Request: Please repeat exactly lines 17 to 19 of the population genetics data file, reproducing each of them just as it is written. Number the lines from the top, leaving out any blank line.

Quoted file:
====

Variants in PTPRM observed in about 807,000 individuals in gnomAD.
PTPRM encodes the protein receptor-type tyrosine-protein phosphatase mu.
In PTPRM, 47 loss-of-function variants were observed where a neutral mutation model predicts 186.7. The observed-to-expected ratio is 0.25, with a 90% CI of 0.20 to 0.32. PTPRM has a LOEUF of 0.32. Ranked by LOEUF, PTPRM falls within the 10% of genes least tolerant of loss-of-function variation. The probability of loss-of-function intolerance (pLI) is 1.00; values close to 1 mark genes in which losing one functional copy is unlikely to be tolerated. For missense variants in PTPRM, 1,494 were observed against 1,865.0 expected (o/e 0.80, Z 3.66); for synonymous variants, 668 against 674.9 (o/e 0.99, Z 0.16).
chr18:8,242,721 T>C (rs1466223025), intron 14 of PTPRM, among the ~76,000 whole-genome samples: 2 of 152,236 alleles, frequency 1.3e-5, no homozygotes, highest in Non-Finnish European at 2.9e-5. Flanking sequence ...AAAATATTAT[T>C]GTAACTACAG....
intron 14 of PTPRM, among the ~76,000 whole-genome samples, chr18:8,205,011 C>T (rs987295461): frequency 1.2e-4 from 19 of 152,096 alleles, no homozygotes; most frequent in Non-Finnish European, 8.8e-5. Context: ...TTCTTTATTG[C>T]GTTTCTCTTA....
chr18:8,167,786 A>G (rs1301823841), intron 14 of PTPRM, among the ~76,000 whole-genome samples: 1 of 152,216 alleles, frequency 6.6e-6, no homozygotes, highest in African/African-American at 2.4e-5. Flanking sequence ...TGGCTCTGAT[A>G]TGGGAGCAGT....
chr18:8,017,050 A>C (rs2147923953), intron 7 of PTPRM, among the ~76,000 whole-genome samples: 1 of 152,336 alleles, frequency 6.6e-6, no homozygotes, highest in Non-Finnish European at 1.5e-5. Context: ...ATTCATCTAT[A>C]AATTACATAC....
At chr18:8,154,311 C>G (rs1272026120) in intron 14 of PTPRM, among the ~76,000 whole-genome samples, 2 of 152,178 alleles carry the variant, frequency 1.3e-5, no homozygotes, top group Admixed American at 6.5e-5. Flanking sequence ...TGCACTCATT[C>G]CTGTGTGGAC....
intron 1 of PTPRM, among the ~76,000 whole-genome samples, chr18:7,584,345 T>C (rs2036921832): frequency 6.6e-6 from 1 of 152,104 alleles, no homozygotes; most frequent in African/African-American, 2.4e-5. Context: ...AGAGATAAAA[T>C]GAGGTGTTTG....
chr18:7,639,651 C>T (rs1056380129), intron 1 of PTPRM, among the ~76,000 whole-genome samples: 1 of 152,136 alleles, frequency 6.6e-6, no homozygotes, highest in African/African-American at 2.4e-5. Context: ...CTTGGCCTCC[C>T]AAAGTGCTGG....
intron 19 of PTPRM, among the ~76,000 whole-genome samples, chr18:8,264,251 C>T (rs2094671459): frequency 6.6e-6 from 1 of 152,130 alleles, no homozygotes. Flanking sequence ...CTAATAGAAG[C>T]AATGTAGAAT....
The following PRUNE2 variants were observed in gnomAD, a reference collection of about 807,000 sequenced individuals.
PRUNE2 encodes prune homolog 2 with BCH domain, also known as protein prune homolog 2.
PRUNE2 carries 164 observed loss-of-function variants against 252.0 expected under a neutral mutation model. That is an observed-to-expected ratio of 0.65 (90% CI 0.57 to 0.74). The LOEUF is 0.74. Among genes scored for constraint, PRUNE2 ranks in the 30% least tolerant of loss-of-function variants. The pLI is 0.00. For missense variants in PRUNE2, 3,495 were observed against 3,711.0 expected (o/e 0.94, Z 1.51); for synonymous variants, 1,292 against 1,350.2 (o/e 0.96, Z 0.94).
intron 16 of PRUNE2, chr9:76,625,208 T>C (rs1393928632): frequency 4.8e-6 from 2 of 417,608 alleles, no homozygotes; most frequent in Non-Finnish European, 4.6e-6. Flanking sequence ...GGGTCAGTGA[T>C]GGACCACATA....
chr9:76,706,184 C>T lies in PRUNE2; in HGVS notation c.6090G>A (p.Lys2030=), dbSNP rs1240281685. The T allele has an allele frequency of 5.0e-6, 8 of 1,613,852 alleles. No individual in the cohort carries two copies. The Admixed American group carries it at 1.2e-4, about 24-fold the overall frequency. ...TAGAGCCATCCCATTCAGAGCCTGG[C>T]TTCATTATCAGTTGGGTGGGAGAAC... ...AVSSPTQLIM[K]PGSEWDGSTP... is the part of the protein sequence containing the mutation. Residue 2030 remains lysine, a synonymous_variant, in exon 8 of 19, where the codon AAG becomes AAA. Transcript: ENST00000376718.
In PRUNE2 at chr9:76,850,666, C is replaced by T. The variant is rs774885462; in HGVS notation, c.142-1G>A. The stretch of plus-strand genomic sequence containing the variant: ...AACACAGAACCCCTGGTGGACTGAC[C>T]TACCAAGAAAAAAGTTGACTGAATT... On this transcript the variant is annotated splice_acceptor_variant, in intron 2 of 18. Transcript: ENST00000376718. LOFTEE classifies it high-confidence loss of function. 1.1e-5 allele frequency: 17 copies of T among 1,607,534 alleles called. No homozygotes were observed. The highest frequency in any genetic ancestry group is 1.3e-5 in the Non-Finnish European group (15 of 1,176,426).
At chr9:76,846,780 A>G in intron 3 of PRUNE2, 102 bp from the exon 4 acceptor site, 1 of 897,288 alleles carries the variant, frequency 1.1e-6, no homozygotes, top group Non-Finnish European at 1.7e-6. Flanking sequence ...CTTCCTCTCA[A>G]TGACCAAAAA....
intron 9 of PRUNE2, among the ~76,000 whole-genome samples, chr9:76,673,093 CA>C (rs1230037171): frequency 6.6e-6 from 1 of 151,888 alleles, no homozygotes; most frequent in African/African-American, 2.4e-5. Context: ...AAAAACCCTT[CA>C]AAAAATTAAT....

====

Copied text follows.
In PRUNE2 at chr9:76,850,666, C is replaced by T. The variant is rs774885462; in HGVS notation, c.142-1G>A. The stretch of plus-strand genomic sequence containing the variant: ...AACACAGAACCCCTGGTGGACTGAC[C>T]TACCAAGAAAAAAGTTGACTGAATT... On this transcript the variant is annotated splice_acceptor_variant, in intron 2 of 18. Transcript: ENST00000376718. LOFTEE classifies it high-confidence loss of function. 1.1e-5 allele frequency: 17 copies of T among 1,607,534 alleles called. No homozygotes were observed. The highest frequency in any genetic ancestry group is 1.3e-5 in the Non-Finnish European group (15 of 1,176,426).
At chr9:76,846,780 A>G in intron 3 of PRUNE2, 102 bp from the exon 4 acceptor site, 1 of 897,288 alleles carries the variant, frequency 1.1e-6, no homozygotes, top group Non-Finnish European at 1.7e-6. Flanking sequence ...CTTCCTCTCA[A>G]TGACCAAAAA....
intron 9 of PRUNE2, among the ~76,000 whole-genome samples, chr9:76,673,093 CA>C (rs1230037171): frequency 6.6e-6 from 1 of 151,888 alleles, no homozygotes; most frequent in African/African-American, 2.4e-5. Context: ...AAAAACCCTT[CA>C]AAAAATTAAT....